There is one exception, however. Even as the prices of iron, farm land, and other natural resources go down, the price of human labor continues to rise. This should come as a surprise to those who wish to curb population growth because it means that even though the number of people in the world has been climbing steadily, demand for people continues to rise even faster.

Economic signals aside, the more people alive, the more music, inventions, books and other things will be available for everyone. Simon describes the human mind as the creative force behind progress.

“It is your mind that matters economically, as much as or more than your mouth or hands. The most important economic effect of population size and growth is the contribution of additional people to our stock of useful knowledge. And this contribution is great enough in the long run to overcome all the costs of population growth.”

Ceteris paribus, more people means better living conditions. Simon explains that it is bad to grow population faster than wealth, but the market does a good job regulating population growth. Spurts of population growth occur after technological and economic improvements make it possible to support more people. Thus the greatest changes occurred after the adoption of agriculture and the industrial revolution. Large population growth then led to rapid improvement in the standard of living around the world.

Therefore, Simon urges us to “increase wealth and increase population now, both of which lead to a greater rate of scientific discoveries.” This leads to capital accumulation, new technology, and ultimately a world that is easier to live in. Simon notes that “as wealth increases, one of the goods that people are prepared to buy is a cleaner environment.” Rich societies spend more on the environment and, as the world has gotten wealthier, important metrics for pollution are going down including horse dung, human waste, diseases, and death rates. To give some context, Simon reminds the reader that “pollution used to mean such phenomena as human excrement floating in rivers everywhere, as it still does in India and Thailand…”

Many people enjoy seeing technological progress, but ancaps can really savor and appreciate it as part of a larger process. Individuals are freeing themselves and those around them from the constraints of nature not only by developing new technology, but by accumulating the wealth that allows that technology to be available for more and more people. If only such steady gains were being made in the fight to free people from the constraints of government.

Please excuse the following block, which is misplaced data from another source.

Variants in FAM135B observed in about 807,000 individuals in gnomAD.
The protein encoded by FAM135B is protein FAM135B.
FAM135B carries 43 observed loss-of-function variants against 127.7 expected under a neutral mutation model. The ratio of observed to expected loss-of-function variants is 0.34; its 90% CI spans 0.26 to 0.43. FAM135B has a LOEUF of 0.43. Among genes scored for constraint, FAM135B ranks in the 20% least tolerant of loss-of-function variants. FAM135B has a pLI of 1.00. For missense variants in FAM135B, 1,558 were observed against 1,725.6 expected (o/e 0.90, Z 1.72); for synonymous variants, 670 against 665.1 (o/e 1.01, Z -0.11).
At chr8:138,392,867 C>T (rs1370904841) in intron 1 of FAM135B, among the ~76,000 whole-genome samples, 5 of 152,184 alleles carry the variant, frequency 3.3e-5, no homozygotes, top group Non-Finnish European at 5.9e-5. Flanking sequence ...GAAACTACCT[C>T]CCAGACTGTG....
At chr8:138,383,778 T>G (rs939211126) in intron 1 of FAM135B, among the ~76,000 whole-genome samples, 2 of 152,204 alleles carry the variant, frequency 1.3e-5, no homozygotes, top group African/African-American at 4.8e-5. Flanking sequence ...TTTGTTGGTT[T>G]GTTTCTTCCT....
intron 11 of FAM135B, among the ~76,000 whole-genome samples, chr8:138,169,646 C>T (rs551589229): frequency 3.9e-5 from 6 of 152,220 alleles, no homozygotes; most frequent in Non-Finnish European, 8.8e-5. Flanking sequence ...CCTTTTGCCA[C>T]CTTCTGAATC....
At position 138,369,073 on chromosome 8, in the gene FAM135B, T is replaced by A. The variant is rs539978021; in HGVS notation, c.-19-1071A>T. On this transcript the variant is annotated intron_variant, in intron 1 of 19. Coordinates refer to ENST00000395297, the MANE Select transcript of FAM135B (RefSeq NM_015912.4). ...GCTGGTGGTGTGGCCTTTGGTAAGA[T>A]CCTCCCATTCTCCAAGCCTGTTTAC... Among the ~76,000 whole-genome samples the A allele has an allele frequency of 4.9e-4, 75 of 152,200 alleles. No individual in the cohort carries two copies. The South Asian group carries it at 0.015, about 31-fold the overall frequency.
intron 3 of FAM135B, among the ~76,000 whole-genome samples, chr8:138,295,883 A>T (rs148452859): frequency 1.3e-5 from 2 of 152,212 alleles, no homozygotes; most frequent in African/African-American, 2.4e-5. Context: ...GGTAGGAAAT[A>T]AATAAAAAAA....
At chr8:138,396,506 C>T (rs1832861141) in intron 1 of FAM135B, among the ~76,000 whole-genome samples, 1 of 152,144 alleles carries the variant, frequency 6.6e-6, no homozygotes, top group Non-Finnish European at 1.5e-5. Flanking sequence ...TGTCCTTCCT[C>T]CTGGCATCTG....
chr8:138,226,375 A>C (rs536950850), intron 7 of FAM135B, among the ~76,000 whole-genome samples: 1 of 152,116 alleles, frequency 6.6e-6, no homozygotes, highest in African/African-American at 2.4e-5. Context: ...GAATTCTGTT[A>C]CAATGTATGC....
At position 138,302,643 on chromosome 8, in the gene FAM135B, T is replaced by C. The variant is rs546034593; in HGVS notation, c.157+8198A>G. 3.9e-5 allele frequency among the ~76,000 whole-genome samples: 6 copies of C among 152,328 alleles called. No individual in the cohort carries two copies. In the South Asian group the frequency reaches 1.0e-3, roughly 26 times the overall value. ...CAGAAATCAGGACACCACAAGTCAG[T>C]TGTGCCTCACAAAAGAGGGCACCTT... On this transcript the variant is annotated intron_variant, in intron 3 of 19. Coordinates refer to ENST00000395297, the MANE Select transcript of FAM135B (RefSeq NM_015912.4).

Still, Simon shows that part of the anarcho-capitalist dream is already coming true. Wherever the free market is allowed to work, technology is produced and capital is accumulated to make life better. This bodes well not only for anarcho-capitalist theory, but also the future of humanity. Despite everything that government and its apologists have done to prevent the free market from improving lives around the world, great progress has been made. All resources are becoming less scarce. This makes life easier for individuals and reduces the incentives for war and other calamities. Instead of fearing population growth, we should welcome our new neighbors as the greatest hope for the future.

“Humanity now enjoys extraordinary advances in communication, transportation, nutrition, health and freedom from pain, and the general standard of living. Can it be doubted that this is a miracle age of liberation from the bonds in which nature has kept us shackled throughout all o f our history? The increased size of the human population is a fundamental cause of these gains.”

A joyful exposition of environmental and human progress via the free market. Five Murrays.